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Research: Is low back spinal fusion surgery the correct first choice?

A recent research article evaluated the 1450 people who were hurt at work resulting in low back pain. The purpose of the research was to evaluate the participants overall outcome with those who had low back pain and chose to go through spinal fusion surgery vs. those who had low back pain and did not choose to go through surgery. They followed these patients for the next 2 years. A fusion surgery is when 2 or more vertebrae in the spinal column are surgically fused together to prevent motion in the joints with the purpose of decreasing pain. The results of the study show quite a difference overall between what those 2 years were like for the people who had the fusion surgery vs. those who did not. For example, only 26% returned to work, compared to 67% returned to work. The total number of days off work were 1140 vs. 316 days, respectively. There were 17 vs. 11 deaths, respectively and, 27% of the surgical group required re-operations with a 36% complication rate. Also, there was a 41% increase in the use of narcotic medication with 76% continuing the use after surgery.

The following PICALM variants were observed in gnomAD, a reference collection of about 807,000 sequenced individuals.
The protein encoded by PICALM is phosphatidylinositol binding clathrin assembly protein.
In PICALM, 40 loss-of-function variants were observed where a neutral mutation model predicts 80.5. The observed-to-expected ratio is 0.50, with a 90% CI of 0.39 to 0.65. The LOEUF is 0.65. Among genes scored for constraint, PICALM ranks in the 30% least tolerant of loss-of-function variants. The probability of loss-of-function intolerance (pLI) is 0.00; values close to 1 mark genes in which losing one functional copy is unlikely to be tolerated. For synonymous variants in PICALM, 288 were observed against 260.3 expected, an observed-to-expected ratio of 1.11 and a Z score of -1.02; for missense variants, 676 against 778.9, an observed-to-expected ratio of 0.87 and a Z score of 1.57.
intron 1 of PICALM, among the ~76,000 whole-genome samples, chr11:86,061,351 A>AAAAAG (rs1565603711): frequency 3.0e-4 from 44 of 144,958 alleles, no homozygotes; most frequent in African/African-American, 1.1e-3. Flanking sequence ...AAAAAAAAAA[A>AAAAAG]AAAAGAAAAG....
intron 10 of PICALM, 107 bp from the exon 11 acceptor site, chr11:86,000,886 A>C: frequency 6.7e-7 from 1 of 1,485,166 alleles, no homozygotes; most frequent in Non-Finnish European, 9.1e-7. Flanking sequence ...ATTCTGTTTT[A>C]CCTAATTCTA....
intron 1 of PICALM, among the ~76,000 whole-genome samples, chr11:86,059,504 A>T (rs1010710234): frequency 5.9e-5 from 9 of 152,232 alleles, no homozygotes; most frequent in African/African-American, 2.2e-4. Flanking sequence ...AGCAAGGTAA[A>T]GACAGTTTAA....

This study should not be interpreted that all spinal surgeries are bad or that they are not necessary. Surgery is necessary in some instances. This information is being passed along to you because everyone who is faced with the tough decision of having a surgery should have a solid base of facts to consider. It is our goal at Advanced Spine and Sports Care to keep as many patients as we can from not having surgery. We do know that there are times when surgery is the last option but we would like patients to explore all of their options before having to go through such a procedure.

Last Updated on 19 August, 2016 by Chiropractic Sports Care

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